The Kingfisher String Quartet to perform
The Kingfisher String Quartet, a chamber ensemble established in 2008, will perform a lunchtime concert at 11:30 a.m. Tuesday in the Great Room of the Arizona Senior Academy.
The quartet is composed of Benjamin Nisbet, violin; Ellen Chamberlain, violin; Emma Votapek, viola; and Anne Gratz, cello.
All are members of the Tucson Symphony Orchestra and are recognized as some of the most active and accomplished musicians in Southern Arizona. Each is a dedicated music educator as well.
Co-founder Nisbet says Kingfisher is one of the few professional string quartets in the Tucson area. The group is committed to performing a standard repertoire of quartet music as well as collaborating with other arts organizations in creating new musical experiences.
One of their collaborative efforts is with the Tucson-based Artifact Dance Project, which focuses on choreography and new music, including dance, film and visual arts. Nisbet serves as the project's musical co-director.
The material for the Academy Village concert will be taken from an Artifact Dance Project program titled "I Wonder If My Name Is Alice." Information on the program is available at www.artifactdanceproject.com online.
Tuesday's concert at the Arizona Senior Academy highlights works by Dmitri Shostakovich and Maurice Ravel.
This is Nisbet's third visit to Academy Village, and the first for the Kingfisher Quartet.
Earth to universe:
Is anybody out there?
Are we the only intelligent life forms in the universe? People have long pondered this question with feelings ranging from curiosity to terror at thoughts of what other advanced civilizations might lie beyond in the cosmos. Can our knowledge of astronomy help us understand the likelihood of the existence of alien life?
The search for extraterrestrial intelligence and understanding the likelihood of the existence of alien life will be the subject of Desika Narayanan's presentation at the Arizona Senior Academy at 3:30 p.m. Wednesday.
How many other civilizations could exist in the universe? As a basis of his talk, Narayanan will describe the Drake Equation and the individual components of this equation. The equation was developed to estimate the number of potential civilizations in the galaxy, and draws on a number of interesting aspects of astrophysics, including star formation, planet formation and astrobiology.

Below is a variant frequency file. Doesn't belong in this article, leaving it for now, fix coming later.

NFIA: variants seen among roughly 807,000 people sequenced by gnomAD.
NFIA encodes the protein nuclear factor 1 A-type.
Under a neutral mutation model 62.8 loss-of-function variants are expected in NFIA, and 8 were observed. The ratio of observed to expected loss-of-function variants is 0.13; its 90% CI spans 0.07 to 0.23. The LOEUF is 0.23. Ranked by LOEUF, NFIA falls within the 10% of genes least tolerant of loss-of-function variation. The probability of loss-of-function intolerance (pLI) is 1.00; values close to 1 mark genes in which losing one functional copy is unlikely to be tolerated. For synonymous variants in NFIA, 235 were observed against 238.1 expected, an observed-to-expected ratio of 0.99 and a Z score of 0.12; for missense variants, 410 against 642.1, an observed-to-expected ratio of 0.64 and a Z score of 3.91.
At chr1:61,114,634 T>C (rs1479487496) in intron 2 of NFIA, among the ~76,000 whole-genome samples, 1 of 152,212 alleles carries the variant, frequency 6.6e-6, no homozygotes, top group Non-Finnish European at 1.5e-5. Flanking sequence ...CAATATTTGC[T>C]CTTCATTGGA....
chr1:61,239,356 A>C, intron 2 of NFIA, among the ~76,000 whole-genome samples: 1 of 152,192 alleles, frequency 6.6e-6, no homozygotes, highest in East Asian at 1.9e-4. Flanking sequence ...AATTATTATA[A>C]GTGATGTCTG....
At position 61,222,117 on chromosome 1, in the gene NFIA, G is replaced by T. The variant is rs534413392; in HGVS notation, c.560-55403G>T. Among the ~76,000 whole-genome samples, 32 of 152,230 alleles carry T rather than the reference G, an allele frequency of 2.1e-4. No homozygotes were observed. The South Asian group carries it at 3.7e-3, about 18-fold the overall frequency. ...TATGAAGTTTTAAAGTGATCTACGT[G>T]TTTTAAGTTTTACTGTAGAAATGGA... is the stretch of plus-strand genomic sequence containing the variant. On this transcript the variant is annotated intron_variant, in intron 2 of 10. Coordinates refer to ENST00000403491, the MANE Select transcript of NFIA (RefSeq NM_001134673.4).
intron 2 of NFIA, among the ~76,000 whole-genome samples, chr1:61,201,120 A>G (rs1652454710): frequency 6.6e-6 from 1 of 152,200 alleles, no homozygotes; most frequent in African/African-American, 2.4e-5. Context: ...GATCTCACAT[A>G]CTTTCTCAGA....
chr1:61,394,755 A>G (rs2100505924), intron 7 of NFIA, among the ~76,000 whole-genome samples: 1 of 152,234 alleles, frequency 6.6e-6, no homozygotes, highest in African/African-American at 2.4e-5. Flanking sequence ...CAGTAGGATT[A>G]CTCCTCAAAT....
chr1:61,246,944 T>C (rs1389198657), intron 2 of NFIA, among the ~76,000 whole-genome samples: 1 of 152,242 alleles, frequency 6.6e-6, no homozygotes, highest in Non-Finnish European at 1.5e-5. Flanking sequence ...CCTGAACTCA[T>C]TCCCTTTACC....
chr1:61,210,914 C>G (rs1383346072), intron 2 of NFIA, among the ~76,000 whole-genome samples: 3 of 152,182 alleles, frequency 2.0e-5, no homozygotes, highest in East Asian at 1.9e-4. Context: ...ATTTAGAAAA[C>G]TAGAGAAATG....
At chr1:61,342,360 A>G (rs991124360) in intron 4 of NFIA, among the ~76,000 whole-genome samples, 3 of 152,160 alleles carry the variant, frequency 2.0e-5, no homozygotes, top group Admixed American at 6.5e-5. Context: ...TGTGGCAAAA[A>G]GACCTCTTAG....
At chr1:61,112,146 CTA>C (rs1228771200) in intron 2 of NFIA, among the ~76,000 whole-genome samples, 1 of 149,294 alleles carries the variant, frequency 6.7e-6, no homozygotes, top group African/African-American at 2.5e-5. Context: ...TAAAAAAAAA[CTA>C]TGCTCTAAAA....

Narayanan will also include a discussion about some ongoing efforts at the University of Arizona to understand the physics of planet formation.
Narayanan, the Bart J. Bok Fellow at the University of Arizona, has long been interested in astronomy. He describes himself as a theorist interested in a broad range of problems related to star formation, galaxy formation and evolution, as well as interstellar material physics.
Tucson and Phoenix:
A Tale of Two Cities
EDITOR'S NOTE: THIS LECTURE HAS BEEN RESCHEDULED UNTIL JUNE.
Why are Tucson and Phoenix - two cities that apparently share so much of the same Southwestern desert environment - so different from each other? Almost any resident of either community would agree that they are very different and would likely argue for the superiority of one over another. But what caused the Valley of the Sun to be so unlike the Old Pueblo?
A few years ago, Michael T. Logan, head of the history department at Oklahoma State University, decided to address that question in a book titled "Desert Cities: The Environmental History of Phoenix and Tucson."
On April 4 at 3:30 p.m., Charles T. Prewitt, a distinguished geologist, 12-year director of the Geophysical Laboratory at Carnegie Institution of Washington D.C., and Academy Village resident, will review Logan's book and examine its conclusions.
In addition, Prewitt, who has lived in both cities, will share data and maps featuring the two metropolitan areas that are not available in Logan's book.
Logan, a native of Tucson with a Ph.D. from the UA, approached the differences between the two cities from several directions: geological, historical, political, economic and social. He found that one prevailing difference between the two communities throughout their history has concerned water, including its volume, availability, management and its business and household use. He cites the Salt River Project and the Central Arizona Project as having related and central impacts on the two cities.
About Academy Village
• Events are held in the Great Room of the Arizona Senior Academy Building adjacent to the Academy Village Community Center, 13715 E. Langtry Lane.
• Nonresidents who want to ensure priority seating can make reservations by emailing email@example.com or calling 647-0980.
• To learn more about the academy, go to www.asa-tucson.org online.
• Visitors can buy lunch at the Academy Cafe across the courtyard from the Arizona Senior Academy Building. The cafe is open 11 a.m.-2 p.m. Monday-Friday. Prices range from $4.50 to $9.50. For more information, call the cafe at 647-0903.
• Academy Village is an active-adult community located off Old Spanish Trail six miles southeast of Saguaro National Park East. Its residents support the Arizona Senior Academy, a non-profit charitable organization whose mission includes offering free concerts and lectures to the public.
- Valerie Anderson - Glenda Tonkin - Janet Kerans